A new NASA study has recreated the origins of life, building the ocean's floors from 4 billion years ago as humanity attempts to understand how life started on Earth and where else it might be found.
The study, conducted by astrobiologists at NASA's Jet Propulsion Laboratory (JPL) and published in Proceedings of the National Academy of Sciences, looks at how life began in hydrothermal vents on the ocean floor.
"Understanding how far you can go with just organics and minerals before you have an actual cell is really important for understanding what types of environments life could emerge from," said Laurie Barge, the lead investigator, in a statement. "Also, investigating how things like the atmosphere, the ocean and the minerals in the vents all impact this can help you understand how likely this is to have occurred on another planet."
Barge and her team were able to recreate the seafloor by filling beakers with mixtures that were similar to the primordial ocean, including water, minerals and ammonia and pyruvate that are generally located near hydrothermal vents. The mixture was heated to 158 degrees Fahrenheit, the oxygen was removed and they added iron hydroxide, or "green rust," which was abundant in the early days of the planet.
The green rust reacted with the traces of oxygen that were left, which produced the amino acid alanine and the alpha hydroxy acid lactate. Some researchers believe these could combine (like Legos) and create further complex molecules which could then be a precursor to life.
"We've shown that in geological conditions similar to early Earth, and maybe to other planets, we can form amino acids and alpha hydroxy acids from a simple reaction under mild conditions that would have existed on the seafloor," Barge added in the statement.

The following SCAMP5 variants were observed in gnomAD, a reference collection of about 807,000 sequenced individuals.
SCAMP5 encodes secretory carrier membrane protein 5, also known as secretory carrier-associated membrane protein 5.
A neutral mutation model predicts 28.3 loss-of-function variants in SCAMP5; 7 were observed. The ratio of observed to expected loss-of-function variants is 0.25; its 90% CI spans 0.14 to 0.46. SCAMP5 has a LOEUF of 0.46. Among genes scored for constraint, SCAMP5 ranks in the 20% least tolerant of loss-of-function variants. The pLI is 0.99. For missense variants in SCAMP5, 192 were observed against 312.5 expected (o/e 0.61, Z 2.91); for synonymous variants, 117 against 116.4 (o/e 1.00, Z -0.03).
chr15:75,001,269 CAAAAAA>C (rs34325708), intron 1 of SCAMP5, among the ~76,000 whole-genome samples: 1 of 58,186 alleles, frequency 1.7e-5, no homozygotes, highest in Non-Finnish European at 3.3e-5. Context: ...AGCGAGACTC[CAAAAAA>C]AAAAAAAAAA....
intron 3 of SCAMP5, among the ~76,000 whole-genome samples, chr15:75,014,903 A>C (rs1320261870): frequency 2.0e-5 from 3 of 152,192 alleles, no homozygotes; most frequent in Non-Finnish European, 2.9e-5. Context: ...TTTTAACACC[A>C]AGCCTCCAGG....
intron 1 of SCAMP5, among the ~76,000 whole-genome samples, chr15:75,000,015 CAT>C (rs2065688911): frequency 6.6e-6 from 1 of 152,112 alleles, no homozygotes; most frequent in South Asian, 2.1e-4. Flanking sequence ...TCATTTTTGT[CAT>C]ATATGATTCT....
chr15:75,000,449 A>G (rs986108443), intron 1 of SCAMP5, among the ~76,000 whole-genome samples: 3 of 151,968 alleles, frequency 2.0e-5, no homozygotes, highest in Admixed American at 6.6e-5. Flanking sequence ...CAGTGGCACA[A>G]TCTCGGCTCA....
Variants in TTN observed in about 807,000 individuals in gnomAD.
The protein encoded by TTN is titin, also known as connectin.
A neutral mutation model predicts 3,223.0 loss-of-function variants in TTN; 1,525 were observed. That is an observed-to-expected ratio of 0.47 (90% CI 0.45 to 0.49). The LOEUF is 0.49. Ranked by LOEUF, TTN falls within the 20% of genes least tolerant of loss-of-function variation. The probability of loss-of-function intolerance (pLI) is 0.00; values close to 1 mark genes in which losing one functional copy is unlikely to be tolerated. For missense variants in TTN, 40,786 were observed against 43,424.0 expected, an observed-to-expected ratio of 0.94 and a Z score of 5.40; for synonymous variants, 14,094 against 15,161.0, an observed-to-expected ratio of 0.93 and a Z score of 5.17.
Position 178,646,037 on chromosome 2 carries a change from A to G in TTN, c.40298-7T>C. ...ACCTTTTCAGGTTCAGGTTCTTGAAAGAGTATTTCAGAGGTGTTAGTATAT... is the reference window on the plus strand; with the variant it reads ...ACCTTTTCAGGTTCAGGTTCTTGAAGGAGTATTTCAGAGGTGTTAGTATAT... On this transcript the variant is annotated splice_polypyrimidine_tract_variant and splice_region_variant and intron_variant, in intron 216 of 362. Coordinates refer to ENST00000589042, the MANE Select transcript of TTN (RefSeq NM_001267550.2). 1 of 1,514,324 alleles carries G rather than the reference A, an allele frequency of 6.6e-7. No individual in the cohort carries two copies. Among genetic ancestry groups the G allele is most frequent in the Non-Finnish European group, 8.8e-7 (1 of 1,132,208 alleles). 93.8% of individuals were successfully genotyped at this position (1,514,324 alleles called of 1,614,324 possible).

While it's important to note NASA has not created life itself in the experiment, it does raise the possibility that the hydrothermal vents could appear elsewhere in the universe and be a building block for life.
"If we have these hydrothermal vents here on Earth, possibly similar reactions could occur on other planets," said JPL's Erika Flores, co-author of the new study.
"We don't have concrete evidence of life elsewhere yet," said Barge. "But understanding the conditions that are required for life's origin can help narrow down the places that we think life could exist."
The implications of the research are vast, especially as new celestial bodies are discovered, with some having the components to host life.
In 2018, researchers discovered that Saturn's moon, Enceladus, has the "building blocks for life," after complex organic molecules were found on the natural satellite.
A recently discovered exoplanet that orbits Barnard's Star – known as Barnard b – could have the potential for extraterrestrial life if water exists somewhere on the planet. That's due to the possibility of geothermal heating, which could create an ocean for primitive life.